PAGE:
Police couldn't seek to exhume Janet's body as she had been cremated so they had to rely on evidence that had already been stored. Tests were carried out on samples of Janet's tissue but no trace of selenium was found. Police asked Paul Sedgwick, a retired coroner’s toxicologist for the Orange County Sheriff’s Department, to examine Janet’s stomach contents to see if there was any evidence of foul play. Paul immediately smelled cyanide and determined the amount of cyanide found in Janet's stomach meant that she ingested it shortly before her death. Traces of it was also found in her brain tissue and that indicated she had ingested it on a previous occasion.
The chief forensic toxicologist for the coroner’s office, Robert H. Cravey, said that it was missed during the initial Autopsy as cyanide or selenium are not routinely tested for and would only be tested for if an investigator was suspicious and requested it or if the person conducting the Autopsy knew the smell of cyanide, like Paul did, and tested for it. The smell of cyanide has a bitter almond smell but not everyone can detect it. Robert explained that it is easy to miss it as:
“It’s genetic. All people can’t smell cyanide.”
Police now believed they knew exactly what caused Janet's death but they had to establish how Janet could have ingested the cyanide that killed her. They discovered that Richard had a friend who was involved in gold mining and Richard had access to cyanide and other metallurgy material that were stored at his friend's house. They obtained a search warrant for Richard’s house to look for cyanide and selenium.
During the course of that search, they obtained Richard's journals and his computer. Some of the files on his computer had been deleted. They retrieved some of the deleted files and Richard's journal entries showed that, despite what Richard said, Richard and Janet were not in a happy marriage. Even though they lived together, they lived almost entirely separate lives. They didn't sleep together or even eat together. In fact, some of the journal entries revealed, that Richard hated Janet and that his love had turned to pure hate and that he would "deal with that soon." He was angry and resented her.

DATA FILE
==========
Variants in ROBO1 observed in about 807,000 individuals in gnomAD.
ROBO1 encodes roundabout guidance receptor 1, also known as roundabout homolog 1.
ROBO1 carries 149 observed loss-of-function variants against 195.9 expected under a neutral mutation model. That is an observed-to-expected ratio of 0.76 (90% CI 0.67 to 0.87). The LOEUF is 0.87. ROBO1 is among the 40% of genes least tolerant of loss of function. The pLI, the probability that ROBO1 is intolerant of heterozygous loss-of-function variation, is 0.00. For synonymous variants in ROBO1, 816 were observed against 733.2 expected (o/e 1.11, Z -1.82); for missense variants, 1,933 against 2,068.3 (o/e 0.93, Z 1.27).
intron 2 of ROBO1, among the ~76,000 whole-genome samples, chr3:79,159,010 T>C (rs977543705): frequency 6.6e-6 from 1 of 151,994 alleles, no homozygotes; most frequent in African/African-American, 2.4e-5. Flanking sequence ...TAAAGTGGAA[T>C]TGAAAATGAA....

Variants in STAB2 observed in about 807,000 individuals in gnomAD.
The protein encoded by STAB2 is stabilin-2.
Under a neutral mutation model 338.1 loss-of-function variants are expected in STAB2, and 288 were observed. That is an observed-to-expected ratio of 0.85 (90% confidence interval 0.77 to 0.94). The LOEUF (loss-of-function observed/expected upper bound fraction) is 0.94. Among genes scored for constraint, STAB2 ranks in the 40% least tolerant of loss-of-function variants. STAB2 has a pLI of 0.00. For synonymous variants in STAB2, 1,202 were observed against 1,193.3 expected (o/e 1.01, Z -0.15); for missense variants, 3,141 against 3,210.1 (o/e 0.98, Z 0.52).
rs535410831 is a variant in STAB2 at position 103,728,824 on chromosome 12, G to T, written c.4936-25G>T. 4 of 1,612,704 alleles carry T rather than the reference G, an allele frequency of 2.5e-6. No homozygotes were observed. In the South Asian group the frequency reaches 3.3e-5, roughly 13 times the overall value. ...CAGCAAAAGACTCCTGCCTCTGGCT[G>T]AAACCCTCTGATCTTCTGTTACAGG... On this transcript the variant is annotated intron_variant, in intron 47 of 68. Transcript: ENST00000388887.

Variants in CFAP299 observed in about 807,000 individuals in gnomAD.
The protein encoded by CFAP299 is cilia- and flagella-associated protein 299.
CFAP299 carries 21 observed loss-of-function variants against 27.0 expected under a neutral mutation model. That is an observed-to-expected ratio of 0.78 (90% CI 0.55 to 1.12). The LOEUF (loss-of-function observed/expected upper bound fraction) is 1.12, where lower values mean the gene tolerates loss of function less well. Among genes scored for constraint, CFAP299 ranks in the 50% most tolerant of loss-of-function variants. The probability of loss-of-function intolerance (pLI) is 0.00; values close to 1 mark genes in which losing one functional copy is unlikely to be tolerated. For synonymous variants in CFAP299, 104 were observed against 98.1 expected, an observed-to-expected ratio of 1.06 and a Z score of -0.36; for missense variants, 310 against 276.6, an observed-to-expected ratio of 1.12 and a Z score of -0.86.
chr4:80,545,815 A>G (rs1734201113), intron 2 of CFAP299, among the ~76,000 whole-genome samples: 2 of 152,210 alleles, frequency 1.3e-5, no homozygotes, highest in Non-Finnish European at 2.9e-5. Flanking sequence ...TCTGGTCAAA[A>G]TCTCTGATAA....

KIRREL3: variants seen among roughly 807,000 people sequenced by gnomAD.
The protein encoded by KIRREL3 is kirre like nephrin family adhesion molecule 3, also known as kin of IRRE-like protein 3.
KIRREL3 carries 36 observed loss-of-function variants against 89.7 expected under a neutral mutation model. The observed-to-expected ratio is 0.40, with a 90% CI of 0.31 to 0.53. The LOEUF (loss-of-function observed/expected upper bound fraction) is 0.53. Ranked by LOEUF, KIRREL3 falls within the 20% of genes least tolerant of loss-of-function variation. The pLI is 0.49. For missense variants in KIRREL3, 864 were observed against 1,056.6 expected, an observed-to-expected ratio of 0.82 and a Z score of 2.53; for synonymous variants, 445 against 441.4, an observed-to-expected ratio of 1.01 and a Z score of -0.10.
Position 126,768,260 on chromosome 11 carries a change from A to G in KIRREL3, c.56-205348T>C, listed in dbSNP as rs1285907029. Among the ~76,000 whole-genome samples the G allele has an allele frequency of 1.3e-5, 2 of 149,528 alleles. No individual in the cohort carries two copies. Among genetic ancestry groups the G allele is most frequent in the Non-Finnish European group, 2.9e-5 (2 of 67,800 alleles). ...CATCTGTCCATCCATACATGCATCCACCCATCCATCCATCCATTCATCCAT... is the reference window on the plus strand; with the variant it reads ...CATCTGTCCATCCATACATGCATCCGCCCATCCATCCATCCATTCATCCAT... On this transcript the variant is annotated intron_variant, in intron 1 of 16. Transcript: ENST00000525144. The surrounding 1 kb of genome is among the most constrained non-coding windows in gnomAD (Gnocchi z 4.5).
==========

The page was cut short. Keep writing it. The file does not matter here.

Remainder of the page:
Richard recorded all of Janet’s activities and what she did day to day in his journal, including his belief that she was having affairs with a number of men. He was particularly annoyed about one man named Bill Dawson. Janet was due to go whale watching with Bill and her son Eric the day she died. The journal entry for the 24th of January, the day Janet died, had been ripped out of his journal. The police investigation revealed that Richard put a note about Janet’s involvement in an extramarital affair with a school official on all the cars in the parking lot at the district office where Janet was a board member. That incident had caused her great distress at the time as she initially didn't know who put the note on all the cars.
Police spoke to some of Janet's friends and they told them that Janet and Richard were complete opposites. He was a college lecturer and a mathematician with a doctorate in psychology and a business consultant and was concerned only about status whereas Janet was a fun loving, popular woman who enjoyed being around people and helping them and she was fiercely independent. They initially bonded over their love of computers but nineteen years later, the cracks in the marriage were clear to see due to Richard's journal entries and it was evident they were heading for a divorce. But police discovered that Janet was reluctant to divorce Richard as she didn't want to have to give him a share of the $100,000 inheritance she had received from her mother's estate.
Richard was arrested and charged with first degree murder. He pleaded not guilty. At the time of his Trial, he was married to his fourth wife Carol Townsend.
The Trial began and seven weeks into the Trial, Richard testified. He was cross examined for two days. It was a difficult time for him on the stand as he was asked questions by the Prosecutor about his ex wife Dorothy. On the stand,Richard admitted that he put prescription drugs in Dorothy's coffee in the past but said that he thought it was just a "neat joke" to play on her as he believed she was mistreating their children. But he claimed that he did not do the same to Janet. On the third day that he was due to be cross examined, he complained of chest pains and dizziness in Court. The Trial had to be stopped and Richard was taken out of Court on a gurney and a recess was ordered. The Trial was postponed for a couple of months.
After two months, the Defense could not proceed with the case and they requested a further postponement which was granted. That postponement was due to the health of Richard's lawyer. The Court heard that his lawyer, Robert D. Chatterton, was clinically depressed. That raised questions about the adequacy of his Defense and after a few months, the 4th District Court of Appeal in Santa Ana declared a mistrial in the case and said that there was the strong likelihood that jurors’ attitudes had become set during the unprecedented recess. The mistrial was declared based on the extraordinary delay of more than six months between the presentation of the Prosecution case and the Defense case.